CHICAGO The Musical
New Alexandra Theatre, Birmingham, Monday 12th December, 2016
I’ve seen this Kander and Ebb musical two or three times before and have always come away wanting. In the past I have found the characters and their actions reprehensible – this still holds true but I think this time, with this touring production, I am an older and I hope wiser man. I appreciate now the vaudevillian setting of the piece, not merely as an alienation device (we’re not meant to like these people) but as a format in itself. The story is presented as a series of vaudeville numbers in a range of styles. The (excellent) jazz orchestra dominates the space. There is no concession to scenery or much to costume. It’s a performance about performance, as murderess Roxie Hart rehearses for her court appearance. More than that, it’s a satire about how we as a society afford notoriety to the worst kinds of people. Criminals, liars, cheats and manipulators – these are portrayed as attractive, by sheer force of the actors’ talent. But the format keeps us at a distance from the characters and we must remember to see them for what they truly are.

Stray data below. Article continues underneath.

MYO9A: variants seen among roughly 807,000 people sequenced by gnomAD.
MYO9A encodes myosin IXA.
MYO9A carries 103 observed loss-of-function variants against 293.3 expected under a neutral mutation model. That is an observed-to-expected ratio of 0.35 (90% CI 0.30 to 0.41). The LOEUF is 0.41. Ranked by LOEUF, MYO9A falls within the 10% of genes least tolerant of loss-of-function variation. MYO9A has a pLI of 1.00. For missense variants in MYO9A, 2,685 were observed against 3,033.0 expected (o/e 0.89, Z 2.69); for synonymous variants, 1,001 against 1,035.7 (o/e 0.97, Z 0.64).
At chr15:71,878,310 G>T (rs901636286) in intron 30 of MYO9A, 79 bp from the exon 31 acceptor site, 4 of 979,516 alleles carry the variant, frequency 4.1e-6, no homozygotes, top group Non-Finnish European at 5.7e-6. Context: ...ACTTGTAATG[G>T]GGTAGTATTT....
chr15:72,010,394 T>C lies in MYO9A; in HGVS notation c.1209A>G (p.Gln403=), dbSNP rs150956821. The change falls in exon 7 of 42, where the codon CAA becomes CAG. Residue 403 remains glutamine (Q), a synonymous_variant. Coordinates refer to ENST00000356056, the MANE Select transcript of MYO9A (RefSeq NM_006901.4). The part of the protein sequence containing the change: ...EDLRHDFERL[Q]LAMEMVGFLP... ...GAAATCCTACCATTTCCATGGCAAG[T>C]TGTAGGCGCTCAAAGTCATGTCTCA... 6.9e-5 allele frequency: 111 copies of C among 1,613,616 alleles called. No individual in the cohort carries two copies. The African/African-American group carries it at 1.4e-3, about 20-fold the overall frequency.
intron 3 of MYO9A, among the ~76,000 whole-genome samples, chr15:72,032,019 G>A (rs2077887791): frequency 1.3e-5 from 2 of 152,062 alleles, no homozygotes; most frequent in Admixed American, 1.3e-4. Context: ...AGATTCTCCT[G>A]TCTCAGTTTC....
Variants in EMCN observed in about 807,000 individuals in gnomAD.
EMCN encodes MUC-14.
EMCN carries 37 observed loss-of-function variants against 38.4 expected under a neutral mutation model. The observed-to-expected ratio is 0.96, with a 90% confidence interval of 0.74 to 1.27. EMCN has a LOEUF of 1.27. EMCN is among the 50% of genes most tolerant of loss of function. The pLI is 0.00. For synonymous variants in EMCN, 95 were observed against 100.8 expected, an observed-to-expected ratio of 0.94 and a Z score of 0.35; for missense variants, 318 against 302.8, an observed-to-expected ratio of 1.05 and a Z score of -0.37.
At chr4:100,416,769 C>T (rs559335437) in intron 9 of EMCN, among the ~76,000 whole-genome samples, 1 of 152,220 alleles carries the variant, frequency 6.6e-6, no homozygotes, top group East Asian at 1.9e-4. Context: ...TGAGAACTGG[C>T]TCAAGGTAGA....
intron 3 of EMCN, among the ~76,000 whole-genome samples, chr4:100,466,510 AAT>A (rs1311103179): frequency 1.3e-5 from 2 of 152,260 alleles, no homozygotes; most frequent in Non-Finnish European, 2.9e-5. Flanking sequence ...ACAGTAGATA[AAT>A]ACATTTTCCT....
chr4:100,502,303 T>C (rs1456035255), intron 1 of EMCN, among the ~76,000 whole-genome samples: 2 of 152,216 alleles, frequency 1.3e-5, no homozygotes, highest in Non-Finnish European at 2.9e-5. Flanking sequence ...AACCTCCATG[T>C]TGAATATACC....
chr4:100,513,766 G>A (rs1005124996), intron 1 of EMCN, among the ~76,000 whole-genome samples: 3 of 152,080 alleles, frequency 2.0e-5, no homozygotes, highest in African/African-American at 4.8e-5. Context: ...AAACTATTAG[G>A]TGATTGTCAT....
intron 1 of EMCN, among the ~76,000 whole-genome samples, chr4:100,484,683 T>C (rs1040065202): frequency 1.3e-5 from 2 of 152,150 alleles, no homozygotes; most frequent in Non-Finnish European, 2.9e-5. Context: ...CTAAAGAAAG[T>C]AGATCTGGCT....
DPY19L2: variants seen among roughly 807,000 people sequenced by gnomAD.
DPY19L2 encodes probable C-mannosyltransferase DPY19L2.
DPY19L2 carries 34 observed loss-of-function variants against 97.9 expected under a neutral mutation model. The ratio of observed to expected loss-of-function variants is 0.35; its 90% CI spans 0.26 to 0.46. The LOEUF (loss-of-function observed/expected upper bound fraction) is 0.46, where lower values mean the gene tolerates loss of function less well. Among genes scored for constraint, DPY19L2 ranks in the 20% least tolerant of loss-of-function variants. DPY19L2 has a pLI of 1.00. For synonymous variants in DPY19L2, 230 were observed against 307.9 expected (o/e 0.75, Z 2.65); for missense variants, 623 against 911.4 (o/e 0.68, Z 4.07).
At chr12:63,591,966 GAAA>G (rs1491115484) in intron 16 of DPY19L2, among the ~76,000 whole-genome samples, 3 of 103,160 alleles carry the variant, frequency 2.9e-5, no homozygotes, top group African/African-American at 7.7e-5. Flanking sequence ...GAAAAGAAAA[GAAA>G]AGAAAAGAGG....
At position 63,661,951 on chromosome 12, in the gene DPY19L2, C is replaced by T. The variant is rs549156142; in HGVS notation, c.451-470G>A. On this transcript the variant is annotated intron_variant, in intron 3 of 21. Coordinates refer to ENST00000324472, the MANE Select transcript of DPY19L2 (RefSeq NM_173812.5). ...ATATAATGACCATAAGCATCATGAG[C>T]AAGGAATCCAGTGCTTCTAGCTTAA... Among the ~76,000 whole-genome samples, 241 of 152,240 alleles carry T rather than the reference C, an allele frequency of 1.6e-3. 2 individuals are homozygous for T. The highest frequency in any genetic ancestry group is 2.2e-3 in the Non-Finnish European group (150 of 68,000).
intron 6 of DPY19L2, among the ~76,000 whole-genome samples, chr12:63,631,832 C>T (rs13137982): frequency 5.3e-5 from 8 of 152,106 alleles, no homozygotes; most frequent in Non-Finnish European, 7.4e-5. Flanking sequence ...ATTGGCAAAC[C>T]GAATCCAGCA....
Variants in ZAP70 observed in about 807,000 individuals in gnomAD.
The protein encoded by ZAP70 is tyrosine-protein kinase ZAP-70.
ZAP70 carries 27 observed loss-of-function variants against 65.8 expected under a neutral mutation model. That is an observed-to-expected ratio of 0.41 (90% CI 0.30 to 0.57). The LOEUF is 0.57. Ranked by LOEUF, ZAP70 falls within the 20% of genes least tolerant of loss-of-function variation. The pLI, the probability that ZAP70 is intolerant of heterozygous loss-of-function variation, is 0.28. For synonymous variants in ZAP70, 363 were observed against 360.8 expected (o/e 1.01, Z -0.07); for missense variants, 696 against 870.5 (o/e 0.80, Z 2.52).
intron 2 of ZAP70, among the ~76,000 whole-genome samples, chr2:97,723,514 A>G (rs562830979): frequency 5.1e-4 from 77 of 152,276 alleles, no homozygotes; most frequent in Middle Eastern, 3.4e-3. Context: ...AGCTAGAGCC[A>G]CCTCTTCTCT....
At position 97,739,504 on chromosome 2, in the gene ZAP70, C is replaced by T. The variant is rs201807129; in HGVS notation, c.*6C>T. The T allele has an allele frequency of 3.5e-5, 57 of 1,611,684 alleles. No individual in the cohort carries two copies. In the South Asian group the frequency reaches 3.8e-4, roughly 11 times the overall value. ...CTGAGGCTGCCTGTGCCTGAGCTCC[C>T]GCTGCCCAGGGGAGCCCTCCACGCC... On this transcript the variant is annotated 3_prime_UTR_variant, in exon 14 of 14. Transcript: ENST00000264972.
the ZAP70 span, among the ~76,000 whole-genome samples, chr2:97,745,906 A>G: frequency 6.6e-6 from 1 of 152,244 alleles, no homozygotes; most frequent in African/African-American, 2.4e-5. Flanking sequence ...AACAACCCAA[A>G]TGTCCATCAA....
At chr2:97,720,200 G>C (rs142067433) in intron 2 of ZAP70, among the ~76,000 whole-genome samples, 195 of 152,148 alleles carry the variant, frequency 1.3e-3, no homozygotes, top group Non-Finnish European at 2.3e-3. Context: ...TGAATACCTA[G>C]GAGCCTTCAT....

The show gets off to a cracking start with Sophie Carmen-Jones as Velma Kelly, a sultry siren writhing her way through the iconic All That Jazz. Ann Reinking’s choreography is as sharp and sensual as Fosse would have intended. Hayley Tamaddon is an indefatigable firecracker as Roxie, with her eye on the main prize: fame and fortune. Every move she makes, every note she sings, is perfectly in character. As her hard-done-by husband, Neil Ditt attracts our sympathy – Amos is the only moral character in the piece but in this world of topsy-turvy morality, he is weak and ineffectual, while swanky hotshot lawyer Billy Flynn thrives. As Flynn, John Partridge is in his element with his matinee idol looks and his belter of a voice – despite all the scantily clad females on show, his are the best pair of lungs! Soul legend Mica Paris looks and sounds at home as the corrupt prison matron Mama Morton – her introductory number is a highlight of the night. Also impressive is the Cell Block Tango and Velma and Mama bemoaning the lack of Class. “The whole world’s gone low-brow,” they sing. Ain’t that the truth!
There is energetic support from a crack chorus, including a surprising soprano from A D Richardson’s Mary Sunshine and Francis Foreman cuts a dash as Roxie’s ill-fated lover, Fred.
This is Kander and Ebb’s strongest score – the tunes keep on coming. It is also their strongest social comment. Although the play is set in 1920s, gangster-run Chicago, it is all too relevant today, when the media is complicit in the rise of some of the worst ogres humanity has to offer (I’m looking at you, BBC and Farage, and at Trump). Criminals and undesirables don’t just become famous these days; they get elected to office!
My applause is not for the characters but for the performers. Chicago is an unusually intelligent musical, probably the best Brechtian show that Brecht and Weill didn’t write. So rouge your knees and get down to the New Alexandra for a lively alternative to the usual Christmas fare.